Sunday Reflection – 16 September – Twenty-fourth Sunday in Ordinary Time, Year B
Excerpt from a Letter of His Holiness Pope Benedict XVI,
given on the Occasion of the 16th Centenary
of the Death of St John Chrysostom “Doctor of the Eucharist”
“For Chrysostom, the ecclesial unity that is brought about in Christ is attested to in a quite special way in the Eucharist. “Called “Doctor of the Eucharist’ because of the vastness and depth of his teaching on the Most Holy Sacrament”, he taught that the sacramental unity of the Eucharist constitutes the basis of ecclesial unity in and for Christ. “Of course, there are many things to keep us united. A table is prepared before all… all are offered the same drink, or, rather, not only the same drink but also the same cup. Our Father, desiring to lead us to tender affection, has also disposed this – that we drink from one cup, something that is befitting to an intense love”. Reflecting on the words of St Paul’s First Letter to the Corinthians, “The bread which we break, is it not a participation in the body of Christ?”, John commented,for the Apostle, therefore, “just as that body is united to Christ, so we are united to Him through this bread”. And even more clearly, in the light of the Apostle’s subsequent words: “Because there is one bread, we who are many are one body”, John argued: “What is bread? The Body of Christ . And what does it become when we eat it? The Body of Christ – not many bodies but one body. Just as bread becomes one loaf although it is made of numerous grains of wheat…, so we too are united both with one another and with Christ…. Now, if we are nourished by the same loaf and all become the same thing, why do we not also show the same love, so as to become one in this dimension, too?”.
Chrysostom’s faith in the mystery of love that binds believers to Christ and to one another led him to experience profound veneration for the Eucharist, a veneration which he nourished in particular in the celebration of the Divine Liturgy. Indeed, one of the richest forms of the Eastern Liturgy bears his name: “The Divine Liturgy of St John Chrysostom”. John understood that the Divine Liturgy places the believer spiritually between earthly life and the heavenly realities that have been promised by the Lord. He told Basil the Great of the reverential awe he felt in celebrating the sacred mysteries with these words: “When you see the immolated Lord lying on the altar and the priest who, standing, prays over the victim… can you still believe you are among men, that you are on earth? Are you not, on the contrary, suddenly transported to Heaven?” The sacred rites, John said, “are not only marvellous to see but extraordinary because of the reverential awe they inspire. The priest who brings down the Holy Spirit stands there… he prays at length that the grace which descends on the sacrifice may illuminate the minds of all in that place and make them brighter than silver purified in the crucible. Who can spurn this venerable mystery?”.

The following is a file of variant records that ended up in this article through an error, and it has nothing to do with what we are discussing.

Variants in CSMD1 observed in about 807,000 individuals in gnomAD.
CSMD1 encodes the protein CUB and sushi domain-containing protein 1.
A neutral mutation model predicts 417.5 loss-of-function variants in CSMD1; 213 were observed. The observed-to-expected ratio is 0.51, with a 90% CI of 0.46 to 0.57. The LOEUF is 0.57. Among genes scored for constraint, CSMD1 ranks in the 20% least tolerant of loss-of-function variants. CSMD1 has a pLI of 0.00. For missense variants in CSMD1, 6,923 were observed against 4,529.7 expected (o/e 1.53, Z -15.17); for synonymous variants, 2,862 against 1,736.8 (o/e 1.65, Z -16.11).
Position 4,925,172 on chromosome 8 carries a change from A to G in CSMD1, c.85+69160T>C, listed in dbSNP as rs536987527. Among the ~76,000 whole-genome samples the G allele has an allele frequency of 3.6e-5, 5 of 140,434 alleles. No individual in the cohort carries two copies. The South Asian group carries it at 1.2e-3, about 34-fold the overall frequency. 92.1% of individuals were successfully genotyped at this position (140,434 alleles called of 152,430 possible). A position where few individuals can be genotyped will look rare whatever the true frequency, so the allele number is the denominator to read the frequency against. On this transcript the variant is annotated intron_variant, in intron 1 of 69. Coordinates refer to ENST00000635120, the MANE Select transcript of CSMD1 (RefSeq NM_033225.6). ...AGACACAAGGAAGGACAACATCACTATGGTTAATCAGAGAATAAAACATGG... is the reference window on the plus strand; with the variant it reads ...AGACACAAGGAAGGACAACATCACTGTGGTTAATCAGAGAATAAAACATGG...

With great depth, Chrysostom developed his reflection on the effect of sacramental Communion in believers: “The Blood of Christ renews in us the image of our King, it produces an indescribable beauty and does not allow the nobility of our souls to be destroyed but ceaselessly waters and nourishes them”. For this reason, John often and insistently urged the faithful to approach the Lord’s altar in a dignified manner, “not with levity… not by habit or with formality”, but with “sincerity and purity of spirit”. He tirelessly repeated that preparation for Holy Communion must include repentance for sins and gratitude for Christ’s sacrifice made for our salvation. He therefore urged the faithful to participate fully and devoutly in the rites of the Divine Liturgy and to receive Holy Communion with these same dispositions: “Do not permit us, we implore you, to be killed by your irreverence but approach Him with devotion and purity and, when you see Him placed before you, say to yourselves: “By virtue of this Body I am no longer dust and ashes, I am no longer a prisoner but free, by virtue of this, I hope in Heaven and to receive its goods, the inheritance of the angels and to converse with Christ'”.
Of course, he also drew from contemplation of the Mystery the moral consequences in which he involved his listeners: he reminded them that communion with the Body and Blood of Christ obliged them to offer material help to the poor and the hungry who lived among them. The Lord’s table is the place where believers recognise and welcome the poor and needy whom they may have previously ignored. He urged the faithful of all times to look beyond the altar where the Eucharistic Sacrifice is offered and see Christ in the person of the poor, recalling that thanks to their assistance to the needy, they will be able to offer on Christ’s altar a sacrifice pleasing to God.”...Pope Benedict
“Lift up and stretch out your hands,
not to heaven but to the poor…
if you lift up your hands in prayer
without sharing with the poor,
it is worth nothing.”